Impoverished, Ann Kirby cares for her mother and limbless soldier father. She tries roping her mother to stop her wandering naked, but the vicar says he must send Ma to an asylum. Ann feels “utterly alone”.
Elegant prose meets wholesome country cooking when the vicar finds Ann a position in Eliza’s boarding house. Based on the true story of Britain’s first female cookery book writer, Acton. “Why not arrange ingredients in a list?” Brilliant. And give cooking times!
The Paris Bookseller by Kerri Maher, Hachette
Based on the life of US bookseller Sylvia Beach. At 15 she moved to Paris, where her father ran a church. Fluent in French, her renowned Shakespeare and Company bookshop at 12 rue de L’Odéon, which opened in 1919, was a magnet for expatriate writers – Ernest Hemingway, James Joyce – who relied on Sylvia to recommend English language titles.
“The ruling class in the US wanted to outlaw anything that offended its sense of decorum.” Joyce’s banned Ulysses was published by Paris-Shakespeare in 1922. Being invited to the salon of Gertrude Stein was “like being called to tea by Marie Antoinette,” she notes. Sparkling, vital, overdue.
Edith Blake’s War by Krista Vane-Tempest, NewSouth
When Vane-Tempest’s grandmother died she claimed the diary of her great aunt, Edith Blake. Then her father produced a carrier bag containing three bundles of letters written by Edie between 1914 and 1918. The result is a unique history of the only Australian nurse to die in World War I.
It was February 1918, Edie, 32, was heading to France on HMHS Glenart Castle, steaming into the British Channel to pick up wounded soldiers from the Western Front. Fully lit from bow to stern, displaying the green band and red crosses on her hull denoting her to be a hospital ship, she was stalked by a German U-boat for an hour below, torpedoes ready.
“So it was, Edith’s war came to an end in the black waters of the Bristol Channel.”
Loveland by Robert Lukins, Allen & Unwin
This beautiful novel by The Everlasting Sunday author Robert Lukins opens with an almost apocalyptic scene. “Flashing gold fires” blaze across a lake as an amusement park complete with giant Ferris wheel burns, black smoke swirling into the air. Two women stand still in the shallows, the water lapping their shins as a man falls dead, his blood hardly visible at it mingles with the reflections from the flames.
From here we flip into the troubled world of May, who embarks on a life-changing trip when she hears that her late grandmother, Casey, owned a house and land in Loveland, Nebraska, that she is now to inherit. Courageously walking away from her abusive marriage back home in Australia, May heads for the US to find her house and unlock her grandmother’s darkest secrets.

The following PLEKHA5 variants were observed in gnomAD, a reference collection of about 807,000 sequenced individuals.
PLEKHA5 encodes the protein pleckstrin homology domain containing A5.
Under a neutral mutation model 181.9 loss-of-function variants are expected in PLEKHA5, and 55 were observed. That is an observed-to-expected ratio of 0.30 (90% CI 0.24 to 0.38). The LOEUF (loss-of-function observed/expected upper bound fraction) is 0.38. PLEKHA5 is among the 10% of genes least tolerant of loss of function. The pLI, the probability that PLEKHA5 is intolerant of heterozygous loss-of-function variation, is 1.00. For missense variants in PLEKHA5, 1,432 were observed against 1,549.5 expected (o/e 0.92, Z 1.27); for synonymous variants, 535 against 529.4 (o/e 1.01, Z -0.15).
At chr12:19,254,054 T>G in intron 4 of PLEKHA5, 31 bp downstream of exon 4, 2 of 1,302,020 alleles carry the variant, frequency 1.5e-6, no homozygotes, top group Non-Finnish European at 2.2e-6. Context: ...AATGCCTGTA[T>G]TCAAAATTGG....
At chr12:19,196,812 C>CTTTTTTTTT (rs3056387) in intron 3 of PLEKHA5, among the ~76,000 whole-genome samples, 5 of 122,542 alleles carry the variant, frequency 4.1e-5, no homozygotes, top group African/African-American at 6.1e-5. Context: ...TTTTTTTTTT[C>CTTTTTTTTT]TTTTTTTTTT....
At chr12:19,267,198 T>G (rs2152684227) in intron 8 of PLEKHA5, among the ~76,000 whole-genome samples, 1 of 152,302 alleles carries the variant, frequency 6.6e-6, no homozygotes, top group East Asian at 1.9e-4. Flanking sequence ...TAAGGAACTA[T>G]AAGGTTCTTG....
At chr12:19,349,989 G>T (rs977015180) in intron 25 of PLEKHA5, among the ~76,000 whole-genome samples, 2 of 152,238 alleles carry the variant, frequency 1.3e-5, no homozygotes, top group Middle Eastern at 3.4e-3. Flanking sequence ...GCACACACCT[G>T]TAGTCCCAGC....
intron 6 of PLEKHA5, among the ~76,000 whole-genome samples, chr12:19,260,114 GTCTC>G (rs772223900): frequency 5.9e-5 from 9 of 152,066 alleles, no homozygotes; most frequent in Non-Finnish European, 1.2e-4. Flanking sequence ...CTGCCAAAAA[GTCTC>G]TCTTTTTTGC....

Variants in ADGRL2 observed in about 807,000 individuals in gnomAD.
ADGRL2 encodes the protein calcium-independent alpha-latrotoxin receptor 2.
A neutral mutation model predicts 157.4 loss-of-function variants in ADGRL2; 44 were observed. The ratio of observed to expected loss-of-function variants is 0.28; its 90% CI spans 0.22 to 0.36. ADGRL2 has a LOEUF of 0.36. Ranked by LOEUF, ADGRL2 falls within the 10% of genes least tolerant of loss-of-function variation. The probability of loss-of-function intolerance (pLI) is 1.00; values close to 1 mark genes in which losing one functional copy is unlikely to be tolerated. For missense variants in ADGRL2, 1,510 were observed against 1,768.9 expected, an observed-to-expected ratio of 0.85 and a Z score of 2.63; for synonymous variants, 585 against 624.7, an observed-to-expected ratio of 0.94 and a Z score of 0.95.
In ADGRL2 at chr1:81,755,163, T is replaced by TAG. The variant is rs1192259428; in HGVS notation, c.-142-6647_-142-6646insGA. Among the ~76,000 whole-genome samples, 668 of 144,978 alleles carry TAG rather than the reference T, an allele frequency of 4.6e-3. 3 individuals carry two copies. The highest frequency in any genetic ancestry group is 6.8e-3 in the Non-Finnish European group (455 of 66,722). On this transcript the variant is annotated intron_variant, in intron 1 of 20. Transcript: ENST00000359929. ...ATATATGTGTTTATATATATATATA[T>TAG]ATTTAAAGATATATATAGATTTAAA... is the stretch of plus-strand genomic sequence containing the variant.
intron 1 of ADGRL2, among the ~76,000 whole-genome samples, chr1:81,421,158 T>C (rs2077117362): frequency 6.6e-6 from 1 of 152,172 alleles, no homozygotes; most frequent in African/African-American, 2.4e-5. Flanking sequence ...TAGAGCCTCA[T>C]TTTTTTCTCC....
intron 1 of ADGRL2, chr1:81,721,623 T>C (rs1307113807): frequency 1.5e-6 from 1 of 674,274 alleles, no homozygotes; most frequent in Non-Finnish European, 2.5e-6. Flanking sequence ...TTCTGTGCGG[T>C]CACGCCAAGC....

The Earthspinner by Anuradha Roy, Allen & Unwin
Sarayu is on a scholarship at an English university, but the meagre amount means a 50p coin phone call to her mother in southern India lasts, “For the time it takes to breathe one breath, we are together.” In the pottery studio she meets Karin Wang, who wants to be an aeronautical engineer, but is on a sports scholarship as the university wants Olympic glory.
Sarayu’s geology-loving father died at 57; Sara inheriting his love of fossils. “I think my father has gone into a different element. I will find him again in a different form.” Hindu potter Elango from Sara’s childhood village Kummarapet has fallen in love with Muslim girl Zohra. She has feelings for him, too. Elango must sculpt a deity, an honest terracotta horse, to realise his dreams. Sara’s father would say change was the result of the Earth spinning, as it always had. Exquisite.
A History of Dreams by Jane Rawson, Brio Books
Adelaide 1937. Margaret and sister Esther head to school, radical “Es” tying her shoes with manila rope to make them “interesting”. Will they go to the Hills this year for Christmas? Last year their male cousins spoiled it, demanding they make their lunch. Enter Maggie’s bestie Audrey, “her uniform … like the robes a sultan’s wife would have worn … for war against the infidel.”
Phyl[lis] could pass for a boy and thinks she may join the Foreign Legion. Margaret ‘shall’ become a famous palaeontologist and music genius. Es ‘shall’ write an opera in celebration. Accomplished witch Audrey was taught by Great Aunt Delia who “used witchcraft to enflame the suffragist impulses” of Adelaide’s women. “A university is a waste of time for girls,” announces Margaret’s father.
It’s time to form a coven. Audrey can plant nightmares in someone’s brain, change minds and actions using the power of dreams. But, as Europe falls to fascism, can the spinsters’ Maid Marion (power to the powerless) magic club still rise up? Deliciously deviant.